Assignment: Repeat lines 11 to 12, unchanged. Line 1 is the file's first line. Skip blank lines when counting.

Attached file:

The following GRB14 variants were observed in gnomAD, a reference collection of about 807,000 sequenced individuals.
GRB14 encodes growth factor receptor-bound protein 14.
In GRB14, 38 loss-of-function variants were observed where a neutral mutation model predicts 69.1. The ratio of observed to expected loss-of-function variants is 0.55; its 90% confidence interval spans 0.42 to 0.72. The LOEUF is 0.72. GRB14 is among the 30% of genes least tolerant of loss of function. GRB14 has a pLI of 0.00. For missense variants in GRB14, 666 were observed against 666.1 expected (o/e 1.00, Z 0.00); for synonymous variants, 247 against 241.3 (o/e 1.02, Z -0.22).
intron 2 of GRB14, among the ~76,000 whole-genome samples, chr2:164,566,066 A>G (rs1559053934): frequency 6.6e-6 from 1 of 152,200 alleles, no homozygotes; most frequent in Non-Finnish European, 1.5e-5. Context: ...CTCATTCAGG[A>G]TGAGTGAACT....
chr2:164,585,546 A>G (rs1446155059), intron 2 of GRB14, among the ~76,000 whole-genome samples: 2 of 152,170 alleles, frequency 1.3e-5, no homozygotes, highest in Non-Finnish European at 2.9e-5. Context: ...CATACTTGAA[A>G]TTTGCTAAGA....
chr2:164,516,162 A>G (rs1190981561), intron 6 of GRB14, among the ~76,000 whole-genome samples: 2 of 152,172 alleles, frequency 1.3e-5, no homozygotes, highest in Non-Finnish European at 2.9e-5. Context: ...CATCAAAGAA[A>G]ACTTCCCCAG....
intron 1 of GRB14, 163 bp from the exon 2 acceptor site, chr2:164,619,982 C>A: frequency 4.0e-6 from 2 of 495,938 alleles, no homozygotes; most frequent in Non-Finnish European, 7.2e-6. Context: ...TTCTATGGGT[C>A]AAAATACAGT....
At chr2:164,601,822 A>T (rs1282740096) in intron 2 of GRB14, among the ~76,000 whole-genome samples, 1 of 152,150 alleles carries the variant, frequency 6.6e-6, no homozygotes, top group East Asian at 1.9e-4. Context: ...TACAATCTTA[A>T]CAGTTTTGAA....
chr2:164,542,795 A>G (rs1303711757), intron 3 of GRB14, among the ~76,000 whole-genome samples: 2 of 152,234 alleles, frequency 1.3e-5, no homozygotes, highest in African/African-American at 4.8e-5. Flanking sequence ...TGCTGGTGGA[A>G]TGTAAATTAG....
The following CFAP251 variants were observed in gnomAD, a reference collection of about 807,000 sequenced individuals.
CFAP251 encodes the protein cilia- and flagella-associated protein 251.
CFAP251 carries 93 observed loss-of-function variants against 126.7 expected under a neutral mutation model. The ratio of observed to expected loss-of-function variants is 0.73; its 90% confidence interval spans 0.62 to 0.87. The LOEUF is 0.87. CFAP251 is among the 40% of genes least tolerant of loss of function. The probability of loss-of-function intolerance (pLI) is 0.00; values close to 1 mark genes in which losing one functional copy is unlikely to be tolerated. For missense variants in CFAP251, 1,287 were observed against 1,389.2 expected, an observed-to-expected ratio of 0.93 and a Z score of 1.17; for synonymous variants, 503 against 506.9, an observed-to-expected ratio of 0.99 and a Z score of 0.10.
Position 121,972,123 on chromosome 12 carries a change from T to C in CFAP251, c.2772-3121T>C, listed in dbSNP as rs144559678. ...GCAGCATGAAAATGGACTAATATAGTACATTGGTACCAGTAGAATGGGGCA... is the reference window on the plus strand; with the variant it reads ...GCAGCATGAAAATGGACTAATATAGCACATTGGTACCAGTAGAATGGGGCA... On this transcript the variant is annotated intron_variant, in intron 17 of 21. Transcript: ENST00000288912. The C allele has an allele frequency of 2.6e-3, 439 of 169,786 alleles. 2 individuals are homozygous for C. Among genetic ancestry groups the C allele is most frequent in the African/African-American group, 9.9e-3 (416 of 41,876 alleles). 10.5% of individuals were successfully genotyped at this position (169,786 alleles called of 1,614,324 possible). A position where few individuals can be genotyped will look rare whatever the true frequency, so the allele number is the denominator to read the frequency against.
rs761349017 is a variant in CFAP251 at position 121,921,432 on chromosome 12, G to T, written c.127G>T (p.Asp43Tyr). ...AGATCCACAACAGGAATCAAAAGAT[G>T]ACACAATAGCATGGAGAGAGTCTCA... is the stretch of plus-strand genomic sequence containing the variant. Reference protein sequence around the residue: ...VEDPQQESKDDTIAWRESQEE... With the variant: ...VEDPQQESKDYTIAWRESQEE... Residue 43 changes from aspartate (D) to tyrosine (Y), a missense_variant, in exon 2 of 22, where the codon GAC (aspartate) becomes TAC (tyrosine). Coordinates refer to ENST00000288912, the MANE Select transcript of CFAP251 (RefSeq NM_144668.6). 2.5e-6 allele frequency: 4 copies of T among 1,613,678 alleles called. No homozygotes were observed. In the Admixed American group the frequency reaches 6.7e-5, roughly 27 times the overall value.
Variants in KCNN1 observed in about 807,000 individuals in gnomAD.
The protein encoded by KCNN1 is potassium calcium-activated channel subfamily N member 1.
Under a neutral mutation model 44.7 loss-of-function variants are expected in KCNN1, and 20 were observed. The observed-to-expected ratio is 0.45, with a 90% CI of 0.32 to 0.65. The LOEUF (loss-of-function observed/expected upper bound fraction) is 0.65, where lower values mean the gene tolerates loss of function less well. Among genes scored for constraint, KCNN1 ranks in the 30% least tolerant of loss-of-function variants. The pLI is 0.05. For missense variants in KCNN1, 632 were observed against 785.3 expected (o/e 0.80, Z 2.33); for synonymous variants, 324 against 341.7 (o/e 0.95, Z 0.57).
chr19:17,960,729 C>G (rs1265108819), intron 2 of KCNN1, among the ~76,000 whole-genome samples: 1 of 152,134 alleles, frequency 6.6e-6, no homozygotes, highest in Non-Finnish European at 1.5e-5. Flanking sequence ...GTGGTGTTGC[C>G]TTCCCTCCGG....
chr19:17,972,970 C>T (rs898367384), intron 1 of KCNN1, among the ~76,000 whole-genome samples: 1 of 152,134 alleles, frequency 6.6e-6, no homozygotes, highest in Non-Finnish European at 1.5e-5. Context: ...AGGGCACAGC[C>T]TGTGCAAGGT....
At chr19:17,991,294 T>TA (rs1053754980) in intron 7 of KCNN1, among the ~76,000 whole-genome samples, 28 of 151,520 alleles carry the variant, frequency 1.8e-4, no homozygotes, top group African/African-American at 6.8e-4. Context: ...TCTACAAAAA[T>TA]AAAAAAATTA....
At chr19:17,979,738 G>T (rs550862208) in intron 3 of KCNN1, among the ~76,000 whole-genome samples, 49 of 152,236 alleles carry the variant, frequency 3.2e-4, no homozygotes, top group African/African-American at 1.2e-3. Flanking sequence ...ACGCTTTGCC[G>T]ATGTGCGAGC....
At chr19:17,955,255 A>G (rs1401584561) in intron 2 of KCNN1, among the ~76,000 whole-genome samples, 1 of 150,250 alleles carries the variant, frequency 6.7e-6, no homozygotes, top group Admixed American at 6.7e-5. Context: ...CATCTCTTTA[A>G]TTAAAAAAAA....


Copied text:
CFAP251 encodes the protein cilia- and flagella-associated protein 251.
CFAP251 carries 93 observed loss-of-function variants against 126.7 expected under a neutral mutation model. The ratio of observed to expected loss-of-function variants is 0.73; its 90% confidence interval spans 0.62 to 0.87. The LOEUF is 0.87. CFAP251 is among the 40% of genes least tolerant of loss of function. The probability of loss-of-function intolerance (pLI) is 0.00; values close to 1 mark genes in which losing one functional copy is unlikely to be tolerated. For missense variants in CFAP251, 1,287 were observed against 1,389.2 expected, an observed-to-expected ratio of 0.93 and a Z score of 1.17; for synonymous variants, 503 against 506.9, an observed-to-expected ratio of 0.99 and a Z score of 0.10.